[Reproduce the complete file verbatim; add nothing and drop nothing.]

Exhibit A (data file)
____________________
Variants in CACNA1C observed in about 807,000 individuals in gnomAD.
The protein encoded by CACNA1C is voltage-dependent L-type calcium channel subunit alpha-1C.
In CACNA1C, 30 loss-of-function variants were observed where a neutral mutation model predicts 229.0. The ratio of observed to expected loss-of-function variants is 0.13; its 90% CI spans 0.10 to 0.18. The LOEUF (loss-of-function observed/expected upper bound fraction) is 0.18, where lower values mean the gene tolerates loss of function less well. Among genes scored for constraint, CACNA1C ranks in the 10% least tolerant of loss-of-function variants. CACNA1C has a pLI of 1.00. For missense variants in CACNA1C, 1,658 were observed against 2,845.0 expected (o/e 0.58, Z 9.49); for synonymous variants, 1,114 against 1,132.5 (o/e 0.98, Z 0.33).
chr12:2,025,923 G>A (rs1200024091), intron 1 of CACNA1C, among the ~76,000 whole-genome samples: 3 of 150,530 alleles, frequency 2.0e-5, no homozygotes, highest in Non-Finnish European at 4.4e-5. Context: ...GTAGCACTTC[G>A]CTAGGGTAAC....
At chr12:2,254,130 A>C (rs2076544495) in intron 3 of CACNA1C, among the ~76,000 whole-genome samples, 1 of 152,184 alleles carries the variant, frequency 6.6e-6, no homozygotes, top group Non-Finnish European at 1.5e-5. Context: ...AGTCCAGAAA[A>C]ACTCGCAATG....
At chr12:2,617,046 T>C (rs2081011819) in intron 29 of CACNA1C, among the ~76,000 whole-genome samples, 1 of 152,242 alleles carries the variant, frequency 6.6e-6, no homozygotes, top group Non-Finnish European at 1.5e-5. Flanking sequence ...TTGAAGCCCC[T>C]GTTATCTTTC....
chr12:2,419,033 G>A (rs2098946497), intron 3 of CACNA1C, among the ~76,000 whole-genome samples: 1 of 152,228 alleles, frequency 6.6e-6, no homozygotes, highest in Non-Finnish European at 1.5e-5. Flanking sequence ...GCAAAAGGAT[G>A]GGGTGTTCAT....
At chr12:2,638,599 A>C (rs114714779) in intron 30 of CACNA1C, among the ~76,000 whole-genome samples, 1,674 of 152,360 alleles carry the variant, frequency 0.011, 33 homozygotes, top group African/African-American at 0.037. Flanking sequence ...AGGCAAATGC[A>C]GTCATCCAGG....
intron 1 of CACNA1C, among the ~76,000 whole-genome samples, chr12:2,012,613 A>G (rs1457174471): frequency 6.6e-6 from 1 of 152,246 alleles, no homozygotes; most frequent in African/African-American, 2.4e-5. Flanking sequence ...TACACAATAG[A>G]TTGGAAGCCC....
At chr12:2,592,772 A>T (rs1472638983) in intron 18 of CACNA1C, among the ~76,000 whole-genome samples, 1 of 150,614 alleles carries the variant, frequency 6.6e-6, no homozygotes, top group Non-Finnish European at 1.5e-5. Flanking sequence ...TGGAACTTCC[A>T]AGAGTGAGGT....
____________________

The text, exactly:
Variants in CACNA1C observed in about 807,000 individuals in gnomAD.
The protein encoded by CACNA1C is voltage-dependent L-type calcium channel subunit alpha-1C.
In CACNA1C, 30 loss-of-function variants were observed where a neutral mutation model predicts 229.0. The ratio of observed to expected loss-of-function variants is 0.13; its 90% CI spans 0.10 to 0.18. The LOEUF (loss-of-function observed/expected upper bound fraction) is 0.18, where lower values mean the gene tolerates loss of function less well. Among genes scored for constraint, CACNA1C ranks in the 10% least tolerant of loss-of-function variants. CACNA1C has a pLI of 1.00. For missense variants in CACNA1C, 1,658 were observed against 2,845.0 expected (o/e 0.58, Z 9.49); for synonymous variants, 1,114 against 1,132.5 (o/e 0.98, Z 0.33).
chr12:2,025,923 G>A (rs1200024091), intron 1 of CACNA1C, among the ~76,000 whole-genome samples: 3 of 150,530 alleles, frequency 2.0e-5, no homozygotes, highest in Non-Finnish European at 4.4e-5. Context: ...GTAGCACTTC[G>A]CTAGGGTAAC....
At chr12:2,254,130 A>C (rs2076544495) in intron 3 of CACNA1C, among the ~76,000 whole-genome samples, 1 of 152,184 alleles carries the variant, frequency 6.6e-6, no homozygotes, top group Non-Finnish European at 1.5e-5. Context: ...AGTCCAGAAA[A>C]ACTCGCAATG....
At chr12:2,617,046 T>C (rs2081011819) in intron 29 of CACNA1C, among the ~76,000 whole-genome samples, 1 of 152,242 alleles carries the variant, frequency 6.6e-6, no homozygotes, top group Non-Finnish European at 1.5e-5. Flanking sequence ...TTGAAGCCCC[T>C]GTTATCTTTC....
chr12:2,419,033 G>A (rs2098946497), intron 3 of CACNA1C, among the ~76,000 whole-genome samples: 1 of 152,228 alleles, frequency 6.6e-6, no homozygotes, highest in Non-Finnish European at 1.5e-5. Flanking sequence ...GCAAAAGGAT[G>A]GGGTGTTCAT....
At chr12:2,638,599 A>C (rs114714779) in intron 30 of CACNA1C, among the ~76,000 whole-genome samples, 1,674 of 152,360 alleles carry the variant, frequency 0.011, 33 homozygotes, top group African/African-American at 0.037. Flanking sequence ...AGGCAAATGC[A>C]GTCATCCAGG....
intron 1 of CACNA1C, among the ~76,000 whole-genome samples, chr12:2,012,613 A>G (rs1457174471): frequency 6.6e-6 from 1 of 152,246 alleles, no homozygotes; most frequent in African/African-American, 2.4e-5. Flanking sequence ...TACACAATAG[A>G]TTGGAAGCCC....
At chr12:2,592,772 A>T (rs1472638983) in intron 18 of CACNA1C, among the ~76,000 whole-genome samples, 1 of 150,614 alleles carries the variant, frequency 6.6e-6, no homozygotes, top group Non-Finnish European at 1.5e-5. Flanking sequence ...TGGAACTTCC[A>T]AGAGTGAGGT....